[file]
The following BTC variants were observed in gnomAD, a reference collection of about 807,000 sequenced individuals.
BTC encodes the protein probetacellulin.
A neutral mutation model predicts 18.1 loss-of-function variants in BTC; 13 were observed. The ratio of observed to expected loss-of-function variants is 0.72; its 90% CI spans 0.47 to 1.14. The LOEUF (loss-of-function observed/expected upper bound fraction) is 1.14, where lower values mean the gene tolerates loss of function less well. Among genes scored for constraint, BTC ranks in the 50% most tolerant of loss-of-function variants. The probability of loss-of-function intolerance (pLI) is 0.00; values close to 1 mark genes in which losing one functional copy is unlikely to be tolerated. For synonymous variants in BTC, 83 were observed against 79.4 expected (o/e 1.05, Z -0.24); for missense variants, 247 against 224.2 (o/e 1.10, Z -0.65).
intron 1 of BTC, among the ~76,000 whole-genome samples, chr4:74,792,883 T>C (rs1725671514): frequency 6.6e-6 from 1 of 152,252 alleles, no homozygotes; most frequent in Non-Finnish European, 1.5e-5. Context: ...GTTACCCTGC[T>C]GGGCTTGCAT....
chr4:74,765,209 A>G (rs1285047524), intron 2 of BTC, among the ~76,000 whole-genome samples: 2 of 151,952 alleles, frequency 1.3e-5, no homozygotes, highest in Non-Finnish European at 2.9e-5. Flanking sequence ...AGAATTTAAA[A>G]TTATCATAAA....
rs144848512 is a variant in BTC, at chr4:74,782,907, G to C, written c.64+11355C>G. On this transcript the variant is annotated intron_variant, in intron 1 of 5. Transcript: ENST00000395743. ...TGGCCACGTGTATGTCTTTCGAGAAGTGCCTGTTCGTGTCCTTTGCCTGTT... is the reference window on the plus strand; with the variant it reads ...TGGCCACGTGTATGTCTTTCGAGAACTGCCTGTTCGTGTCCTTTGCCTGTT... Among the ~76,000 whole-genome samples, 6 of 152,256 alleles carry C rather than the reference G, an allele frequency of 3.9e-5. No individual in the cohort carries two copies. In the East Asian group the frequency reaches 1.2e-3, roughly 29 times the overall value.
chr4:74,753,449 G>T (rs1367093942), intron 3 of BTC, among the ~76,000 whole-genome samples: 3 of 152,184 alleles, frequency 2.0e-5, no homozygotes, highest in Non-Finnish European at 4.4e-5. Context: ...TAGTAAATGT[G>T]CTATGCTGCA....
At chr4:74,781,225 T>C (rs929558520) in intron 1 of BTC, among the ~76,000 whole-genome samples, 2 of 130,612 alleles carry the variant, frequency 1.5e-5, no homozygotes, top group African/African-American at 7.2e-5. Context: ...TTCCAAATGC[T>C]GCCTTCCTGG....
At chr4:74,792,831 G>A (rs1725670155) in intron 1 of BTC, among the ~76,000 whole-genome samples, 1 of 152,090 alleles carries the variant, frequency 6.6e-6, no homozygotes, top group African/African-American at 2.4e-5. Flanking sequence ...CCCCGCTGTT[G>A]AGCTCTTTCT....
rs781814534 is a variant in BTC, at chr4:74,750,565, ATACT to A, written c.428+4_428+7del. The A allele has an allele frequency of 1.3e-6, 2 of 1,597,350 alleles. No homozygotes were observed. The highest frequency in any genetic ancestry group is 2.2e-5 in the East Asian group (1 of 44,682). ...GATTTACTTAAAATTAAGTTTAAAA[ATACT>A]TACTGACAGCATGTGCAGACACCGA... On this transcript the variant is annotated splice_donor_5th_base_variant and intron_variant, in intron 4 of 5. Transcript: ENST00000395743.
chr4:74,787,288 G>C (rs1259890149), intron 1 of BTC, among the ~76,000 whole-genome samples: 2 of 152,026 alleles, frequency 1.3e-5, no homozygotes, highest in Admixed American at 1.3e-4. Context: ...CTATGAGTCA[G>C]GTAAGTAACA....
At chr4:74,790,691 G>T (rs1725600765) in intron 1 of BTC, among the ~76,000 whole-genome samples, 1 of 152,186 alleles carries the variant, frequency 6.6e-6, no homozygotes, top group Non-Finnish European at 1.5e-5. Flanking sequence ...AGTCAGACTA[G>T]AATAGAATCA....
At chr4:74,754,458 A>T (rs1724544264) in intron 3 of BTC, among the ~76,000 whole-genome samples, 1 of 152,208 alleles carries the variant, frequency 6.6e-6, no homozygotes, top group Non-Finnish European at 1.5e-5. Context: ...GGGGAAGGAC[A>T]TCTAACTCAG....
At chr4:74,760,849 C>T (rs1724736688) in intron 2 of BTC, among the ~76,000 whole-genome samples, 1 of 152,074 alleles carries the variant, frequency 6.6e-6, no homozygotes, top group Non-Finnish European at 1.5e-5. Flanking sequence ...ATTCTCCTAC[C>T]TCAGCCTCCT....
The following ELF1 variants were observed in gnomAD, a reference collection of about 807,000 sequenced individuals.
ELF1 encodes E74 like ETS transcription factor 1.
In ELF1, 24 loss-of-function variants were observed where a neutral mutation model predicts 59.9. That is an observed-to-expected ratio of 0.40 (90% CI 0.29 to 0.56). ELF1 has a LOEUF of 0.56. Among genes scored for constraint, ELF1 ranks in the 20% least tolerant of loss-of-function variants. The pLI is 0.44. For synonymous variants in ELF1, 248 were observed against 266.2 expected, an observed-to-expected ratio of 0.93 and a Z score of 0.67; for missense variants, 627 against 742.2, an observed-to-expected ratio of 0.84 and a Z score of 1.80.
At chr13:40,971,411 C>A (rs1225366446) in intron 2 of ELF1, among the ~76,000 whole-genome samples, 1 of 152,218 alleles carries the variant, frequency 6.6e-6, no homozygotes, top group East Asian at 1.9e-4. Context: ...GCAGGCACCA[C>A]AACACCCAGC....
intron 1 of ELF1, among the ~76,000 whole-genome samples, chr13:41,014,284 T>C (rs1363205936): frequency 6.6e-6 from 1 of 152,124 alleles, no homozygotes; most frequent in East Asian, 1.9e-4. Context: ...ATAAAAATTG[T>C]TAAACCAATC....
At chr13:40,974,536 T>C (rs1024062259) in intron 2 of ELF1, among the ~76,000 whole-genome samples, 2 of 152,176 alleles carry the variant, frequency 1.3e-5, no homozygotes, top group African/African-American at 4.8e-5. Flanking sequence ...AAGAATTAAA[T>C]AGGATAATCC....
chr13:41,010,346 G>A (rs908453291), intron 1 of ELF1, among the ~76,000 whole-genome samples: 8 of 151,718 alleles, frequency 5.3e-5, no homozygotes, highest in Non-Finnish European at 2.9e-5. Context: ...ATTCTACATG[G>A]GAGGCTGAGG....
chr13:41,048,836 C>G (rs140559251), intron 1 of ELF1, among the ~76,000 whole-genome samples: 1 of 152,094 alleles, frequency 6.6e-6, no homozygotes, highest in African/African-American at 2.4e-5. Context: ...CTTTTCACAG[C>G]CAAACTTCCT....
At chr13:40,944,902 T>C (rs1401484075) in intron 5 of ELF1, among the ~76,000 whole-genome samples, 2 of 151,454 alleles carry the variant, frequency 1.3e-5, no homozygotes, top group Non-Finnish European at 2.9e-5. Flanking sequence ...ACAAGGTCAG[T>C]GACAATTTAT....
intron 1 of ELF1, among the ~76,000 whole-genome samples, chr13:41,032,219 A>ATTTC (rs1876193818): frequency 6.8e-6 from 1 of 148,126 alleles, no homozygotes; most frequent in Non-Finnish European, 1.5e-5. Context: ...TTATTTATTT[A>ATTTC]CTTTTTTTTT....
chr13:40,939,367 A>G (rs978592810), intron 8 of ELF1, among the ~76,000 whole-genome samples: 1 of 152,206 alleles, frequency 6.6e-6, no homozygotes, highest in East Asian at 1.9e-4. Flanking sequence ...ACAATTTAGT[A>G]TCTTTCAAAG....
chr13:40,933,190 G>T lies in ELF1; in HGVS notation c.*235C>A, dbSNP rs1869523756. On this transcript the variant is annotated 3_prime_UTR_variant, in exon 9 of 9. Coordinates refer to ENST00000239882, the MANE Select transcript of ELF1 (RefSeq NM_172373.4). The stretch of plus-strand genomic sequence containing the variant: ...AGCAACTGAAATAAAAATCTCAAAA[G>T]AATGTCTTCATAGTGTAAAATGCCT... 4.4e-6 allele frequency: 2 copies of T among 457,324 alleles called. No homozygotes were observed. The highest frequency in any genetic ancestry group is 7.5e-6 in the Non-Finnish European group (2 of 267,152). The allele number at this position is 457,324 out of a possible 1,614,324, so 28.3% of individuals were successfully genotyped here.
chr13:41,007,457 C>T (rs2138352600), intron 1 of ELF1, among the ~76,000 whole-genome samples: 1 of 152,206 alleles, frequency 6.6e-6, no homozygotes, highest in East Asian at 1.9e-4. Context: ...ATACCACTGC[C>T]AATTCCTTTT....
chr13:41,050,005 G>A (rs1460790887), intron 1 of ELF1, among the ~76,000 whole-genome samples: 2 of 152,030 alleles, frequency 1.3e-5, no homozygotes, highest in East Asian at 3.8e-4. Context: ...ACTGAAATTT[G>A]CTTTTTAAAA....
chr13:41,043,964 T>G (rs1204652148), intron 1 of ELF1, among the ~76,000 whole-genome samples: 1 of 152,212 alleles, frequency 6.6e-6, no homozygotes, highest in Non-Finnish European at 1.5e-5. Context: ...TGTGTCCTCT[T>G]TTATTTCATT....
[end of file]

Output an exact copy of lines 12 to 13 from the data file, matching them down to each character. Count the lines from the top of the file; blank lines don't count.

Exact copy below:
At chr4:74,790,691 G>T (rs1725600765) in intron 1 of BTC, among the ~76,000 whole-genome samples, 1 of 152,186 alleles carries the variant, frequency 6.6e-6, no homozygotes, top group Non-Finnish European at 1.5e-5. Flanking sequence ...AGTCAGACTA[G>T]AATAGAATCA....
At chr4:74,754,458 A>T (rs1724544264) in intron 3 of BTC, among the ~76,000 whole-genome samples, 1 of 152,208 alleles carries the variant, frequency 6.6e-6, no homozygotes, top group Non-Finnish European at 1.5e-5. Context: ...GGGGAAGGAC[A>T]TCTAACTCAG....